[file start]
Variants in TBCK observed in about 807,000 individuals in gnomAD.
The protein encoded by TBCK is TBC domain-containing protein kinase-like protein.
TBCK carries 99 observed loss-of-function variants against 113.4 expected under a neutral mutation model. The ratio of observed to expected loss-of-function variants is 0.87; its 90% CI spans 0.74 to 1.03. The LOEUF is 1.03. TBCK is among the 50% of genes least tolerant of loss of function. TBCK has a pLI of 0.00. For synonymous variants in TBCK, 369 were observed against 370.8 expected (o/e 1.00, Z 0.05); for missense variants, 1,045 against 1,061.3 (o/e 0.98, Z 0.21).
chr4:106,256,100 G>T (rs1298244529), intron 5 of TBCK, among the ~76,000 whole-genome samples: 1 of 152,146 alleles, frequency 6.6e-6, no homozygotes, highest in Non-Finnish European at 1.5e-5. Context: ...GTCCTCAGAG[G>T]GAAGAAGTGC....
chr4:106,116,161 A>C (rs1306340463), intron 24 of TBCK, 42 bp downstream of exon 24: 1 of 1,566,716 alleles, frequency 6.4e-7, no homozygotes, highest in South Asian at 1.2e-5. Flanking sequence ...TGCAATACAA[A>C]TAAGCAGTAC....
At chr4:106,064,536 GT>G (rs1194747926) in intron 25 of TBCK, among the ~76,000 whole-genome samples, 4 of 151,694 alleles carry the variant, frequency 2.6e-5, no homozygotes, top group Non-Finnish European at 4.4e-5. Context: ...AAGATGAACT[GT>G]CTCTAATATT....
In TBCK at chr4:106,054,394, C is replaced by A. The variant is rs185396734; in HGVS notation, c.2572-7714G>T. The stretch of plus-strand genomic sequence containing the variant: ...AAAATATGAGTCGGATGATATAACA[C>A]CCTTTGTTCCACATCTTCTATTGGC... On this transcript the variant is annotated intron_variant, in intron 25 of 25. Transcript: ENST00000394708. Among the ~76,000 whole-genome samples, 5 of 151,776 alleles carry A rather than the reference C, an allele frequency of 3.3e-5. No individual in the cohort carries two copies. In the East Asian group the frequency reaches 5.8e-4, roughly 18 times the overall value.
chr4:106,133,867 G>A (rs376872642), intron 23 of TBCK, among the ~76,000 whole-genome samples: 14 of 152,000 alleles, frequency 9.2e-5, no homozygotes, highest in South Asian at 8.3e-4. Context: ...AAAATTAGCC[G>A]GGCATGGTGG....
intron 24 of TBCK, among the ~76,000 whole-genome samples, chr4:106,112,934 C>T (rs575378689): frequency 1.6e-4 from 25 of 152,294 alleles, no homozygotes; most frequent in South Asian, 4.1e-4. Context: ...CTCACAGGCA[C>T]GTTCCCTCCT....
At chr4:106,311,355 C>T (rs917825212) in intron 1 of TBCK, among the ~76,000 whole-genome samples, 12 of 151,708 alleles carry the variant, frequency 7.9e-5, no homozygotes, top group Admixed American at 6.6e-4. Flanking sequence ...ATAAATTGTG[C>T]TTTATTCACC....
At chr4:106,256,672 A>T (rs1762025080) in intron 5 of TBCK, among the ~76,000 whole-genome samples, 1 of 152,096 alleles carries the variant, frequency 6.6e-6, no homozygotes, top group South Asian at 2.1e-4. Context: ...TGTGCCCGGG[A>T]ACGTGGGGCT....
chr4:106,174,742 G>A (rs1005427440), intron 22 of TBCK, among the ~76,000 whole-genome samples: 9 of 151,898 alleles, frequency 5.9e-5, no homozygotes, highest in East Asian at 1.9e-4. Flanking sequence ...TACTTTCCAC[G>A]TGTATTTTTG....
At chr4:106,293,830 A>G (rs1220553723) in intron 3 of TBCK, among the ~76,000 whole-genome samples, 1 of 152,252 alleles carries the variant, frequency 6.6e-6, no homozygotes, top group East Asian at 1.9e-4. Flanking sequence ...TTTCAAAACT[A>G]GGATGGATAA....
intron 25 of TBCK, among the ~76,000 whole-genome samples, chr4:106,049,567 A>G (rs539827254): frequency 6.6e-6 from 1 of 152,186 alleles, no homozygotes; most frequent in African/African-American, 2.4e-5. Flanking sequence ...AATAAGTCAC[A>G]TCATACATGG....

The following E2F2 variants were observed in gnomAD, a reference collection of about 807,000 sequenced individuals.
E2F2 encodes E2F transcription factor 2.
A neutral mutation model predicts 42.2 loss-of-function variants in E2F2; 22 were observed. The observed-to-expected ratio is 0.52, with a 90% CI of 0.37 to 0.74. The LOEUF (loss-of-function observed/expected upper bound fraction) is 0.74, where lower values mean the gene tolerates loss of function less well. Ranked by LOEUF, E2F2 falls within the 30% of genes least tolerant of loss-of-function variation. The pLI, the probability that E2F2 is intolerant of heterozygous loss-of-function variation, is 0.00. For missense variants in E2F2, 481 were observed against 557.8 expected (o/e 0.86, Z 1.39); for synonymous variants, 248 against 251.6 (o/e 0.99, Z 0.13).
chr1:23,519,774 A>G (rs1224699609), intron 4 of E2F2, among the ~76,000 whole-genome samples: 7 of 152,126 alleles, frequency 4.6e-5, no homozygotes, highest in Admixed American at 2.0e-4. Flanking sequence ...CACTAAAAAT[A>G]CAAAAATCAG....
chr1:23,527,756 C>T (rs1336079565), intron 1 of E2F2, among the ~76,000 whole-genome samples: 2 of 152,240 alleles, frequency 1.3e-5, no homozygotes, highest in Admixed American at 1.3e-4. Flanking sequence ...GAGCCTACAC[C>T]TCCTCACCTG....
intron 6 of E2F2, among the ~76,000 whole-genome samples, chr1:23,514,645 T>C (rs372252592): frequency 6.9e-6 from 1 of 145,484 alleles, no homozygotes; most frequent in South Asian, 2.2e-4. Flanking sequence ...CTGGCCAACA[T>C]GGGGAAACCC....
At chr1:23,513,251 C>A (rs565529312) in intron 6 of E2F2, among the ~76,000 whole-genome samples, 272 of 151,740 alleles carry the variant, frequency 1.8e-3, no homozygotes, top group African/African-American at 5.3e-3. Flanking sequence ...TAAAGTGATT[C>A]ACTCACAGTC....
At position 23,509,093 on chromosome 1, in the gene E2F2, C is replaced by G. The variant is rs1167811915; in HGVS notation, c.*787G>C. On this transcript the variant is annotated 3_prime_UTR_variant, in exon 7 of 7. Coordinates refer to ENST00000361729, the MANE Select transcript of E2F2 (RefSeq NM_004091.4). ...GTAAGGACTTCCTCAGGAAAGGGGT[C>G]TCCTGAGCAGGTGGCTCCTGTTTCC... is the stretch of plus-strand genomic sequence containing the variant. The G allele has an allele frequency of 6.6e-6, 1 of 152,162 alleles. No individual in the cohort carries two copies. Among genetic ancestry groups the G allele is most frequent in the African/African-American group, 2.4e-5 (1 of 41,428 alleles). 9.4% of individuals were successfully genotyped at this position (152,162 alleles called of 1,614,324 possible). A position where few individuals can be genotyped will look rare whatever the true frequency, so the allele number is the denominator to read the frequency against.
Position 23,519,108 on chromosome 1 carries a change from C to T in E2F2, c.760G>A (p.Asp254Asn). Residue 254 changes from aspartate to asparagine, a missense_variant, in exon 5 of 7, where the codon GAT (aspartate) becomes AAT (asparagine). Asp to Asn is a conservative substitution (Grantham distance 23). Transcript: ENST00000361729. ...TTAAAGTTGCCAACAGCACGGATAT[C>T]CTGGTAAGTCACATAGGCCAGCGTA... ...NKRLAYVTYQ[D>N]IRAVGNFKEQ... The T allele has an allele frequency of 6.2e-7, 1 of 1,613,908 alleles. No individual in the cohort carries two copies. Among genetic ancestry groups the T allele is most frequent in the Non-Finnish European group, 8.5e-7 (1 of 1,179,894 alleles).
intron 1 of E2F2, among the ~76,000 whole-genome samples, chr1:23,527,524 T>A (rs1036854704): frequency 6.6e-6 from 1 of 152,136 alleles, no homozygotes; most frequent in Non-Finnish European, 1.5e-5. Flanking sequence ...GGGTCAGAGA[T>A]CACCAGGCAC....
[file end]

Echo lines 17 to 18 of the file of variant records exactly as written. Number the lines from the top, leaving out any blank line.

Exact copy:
A neutral mutation model predicts 42.2 loss-of-function variants in E2F2; 22 were observed. The observed-to-expected ratio is 0.52, with a 90% CI of 0.37 to 0.74. The LOEUF (loss-of-function observed/expected upper bound fraction) is 0.74, where lower values mean the gene tolerates loss of function less well. Ranked by LOEUF, E2F2 falls within the 30% of genes least tolerant of loss-of-function variation. The pLI, the probability that E2F2 is intolerant of heterozygous loss-of-function variation, is 0.00. For missense variants in E2F2, 481 were observed against 557.8 expected (o/e 0.86, Z 1.39); for synonymous variants, 248 against 251.6 (o/e 0.99, Z 0.13).
chr1:23,519,774 A>G (rs1224699609), intron 4 of E2F2, among the ~76,000 whole-genome samples: 7 of 152,126 alleles, frequency 4.6e-5, no homozygotes, highest in Admixed American at 2.0e-4. Flanking sequence ...CACTAAAAAT[A>G]CAAAAATCAG....